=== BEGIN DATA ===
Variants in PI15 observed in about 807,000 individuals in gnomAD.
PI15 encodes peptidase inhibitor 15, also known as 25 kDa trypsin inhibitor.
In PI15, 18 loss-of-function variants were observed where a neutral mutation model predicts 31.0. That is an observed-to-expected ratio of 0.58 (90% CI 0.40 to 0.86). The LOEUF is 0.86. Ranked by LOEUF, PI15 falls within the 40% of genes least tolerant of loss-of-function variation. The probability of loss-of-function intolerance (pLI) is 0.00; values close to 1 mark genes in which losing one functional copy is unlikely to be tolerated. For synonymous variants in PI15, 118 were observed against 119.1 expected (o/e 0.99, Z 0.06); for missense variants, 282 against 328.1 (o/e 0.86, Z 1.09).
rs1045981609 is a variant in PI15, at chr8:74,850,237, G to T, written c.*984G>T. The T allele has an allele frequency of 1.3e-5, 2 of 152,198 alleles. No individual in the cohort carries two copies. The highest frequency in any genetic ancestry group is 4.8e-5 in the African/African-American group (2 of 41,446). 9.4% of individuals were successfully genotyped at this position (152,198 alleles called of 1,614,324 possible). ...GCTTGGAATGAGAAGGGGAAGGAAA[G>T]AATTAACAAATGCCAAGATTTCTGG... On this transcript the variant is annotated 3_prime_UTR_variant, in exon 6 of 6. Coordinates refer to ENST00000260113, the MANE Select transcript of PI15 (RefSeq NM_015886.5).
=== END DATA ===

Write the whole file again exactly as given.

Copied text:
Variants in PI15 observed in about 807,000 individuals in gnomAD.
PI15 encodes peptidase inhibitor 15, also known as 25 kDa trypsin inhibitor.
In PI15, 18 loss-of-function variants were observed where a neutral mutation model predicts 31.0. That is an observed-to-expected ratio of 0.58 (90% CI 0.40 to 0.86). The LOEUF is 0.86. Ranked by LOEUF, PI15 falls within the 40% of genes least tolerant of loss-of-function variation. The probability of loss-of-function intolerance (pLI) is 0.00; values close to 1 mark genes in which losing one functional copy is unlikely to be tolerated. For synonymous variants in PI15, 118 were observed against 119.1 expected (o/e 0.99, Z 0.06); for missense variants, 282 against 328.1 (o/e 0.86, Z 1.09).
rs1045981609 is a variant in PI15, at chr8:74,850,237, G to T, written c.*984G>T. The T allele has an allele frequency of 1.3e-5, 2 of 152,198 alleles. No individual in the cohort carries two copies. The highest frequency in any genetic ancestry group is 4.8e-5 in the African/African-American group (2 of 41,446). 9.4% of individuals were successfully genotyped at this position (152,198 alleles called of 1,614,324 possible). ...GCTTGGAATGAGAAGGGGAAGGAAA[G>T]AATTAACAAATGCCAAGATTTCTGG... On this transcript the variant is annotated 3_prime_UTR_variant, in exon 6 of 6. Coordinates refer to ENST00000260113, the MANE Select transcript of PI15 (RefSeq NM_015886.5).